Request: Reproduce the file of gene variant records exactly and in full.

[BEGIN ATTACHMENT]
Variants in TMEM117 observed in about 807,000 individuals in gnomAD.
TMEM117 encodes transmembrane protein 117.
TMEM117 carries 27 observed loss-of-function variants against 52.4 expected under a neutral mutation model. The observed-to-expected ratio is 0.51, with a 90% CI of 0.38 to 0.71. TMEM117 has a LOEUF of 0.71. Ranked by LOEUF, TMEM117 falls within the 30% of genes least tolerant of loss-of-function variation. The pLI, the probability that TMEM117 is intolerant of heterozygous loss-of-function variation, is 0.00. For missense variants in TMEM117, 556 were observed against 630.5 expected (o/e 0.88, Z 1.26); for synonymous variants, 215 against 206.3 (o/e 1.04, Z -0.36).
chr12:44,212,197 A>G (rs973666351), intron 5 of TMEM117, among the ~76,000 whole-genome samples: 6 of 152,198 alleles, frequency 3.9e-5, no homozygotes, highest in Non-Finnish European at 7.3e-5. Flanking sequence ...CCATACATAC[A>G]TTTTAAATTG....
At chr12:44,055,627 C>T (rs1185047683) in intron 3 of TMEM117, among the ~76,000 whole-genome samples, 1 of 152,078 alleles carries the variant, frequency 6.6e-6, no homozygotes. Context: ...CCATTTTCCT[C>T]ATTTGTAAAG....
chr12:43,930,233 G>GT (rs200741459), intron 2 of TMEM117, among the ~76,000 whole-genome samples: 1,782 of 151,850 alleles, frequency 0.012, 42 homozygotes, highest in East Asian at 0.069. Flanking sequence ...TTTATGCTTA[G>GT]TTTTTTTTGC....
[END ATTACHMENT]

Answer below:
Variants in TMEM117 observed in about 807,000 individuals in gnomAD.
TMEM117 encodes transmembrane protein 117.
TMEM117 carries 27 observed loss-of-function variants against 52.4 expected under a neutral mutation model. The observed-to-expected ratio is 0.51, with a 90% CI of 0.38 to 0.71. TMEM117 has a LOEUF of 0.71. Ranked by LOEUF, TMEM117 falls within the 30% of genes least tolerant of loss-of-function variation. The pLI, the probability that TMEM117 is intolerant of heterozygous loss-of-function variation, is 0.00. For missense variants in TMEM117, 556 were observed against 630.5 expected (o/e 0.88, Z 1.26); for synonymous variants, 215 against 206.3 (o/e 1.04, Z -0.36).
chr12:44,212,197 A>G (rs973666351), intron 5 of TMEM117, among the ~76,000 whole-genome samples: 6 of 152,198 alleles, frequency 3.9e-5, no homozygotes, highest in Non-Finnish European at 7.3e-5. Flanking sequence ...CCATACATAC[A>G]TTTTAAATTG....
At chr12:44,055,627 C>T (rs1185047683) in intron 3 of TMEM117, among the ~76,000 whole-genome samples, 1 of 152,078 alleles carries the variant, frequency 6.6e-6, no homozygotes. Context: ...CCATTTTCCT[C>T]ATTTGTAAAG....
chr12:43,930,233 G>GT (rs200741459), intron 2 of TMEM117, among the ~76,000 whole-genome samples: 1,782 of 151,850 alleles, frequency 0.012, 42 homozygotes, highest in East Asian at 0.069. Flanking sequence ...TTTATGCTTA[G>GT]TTTTTTTTGC....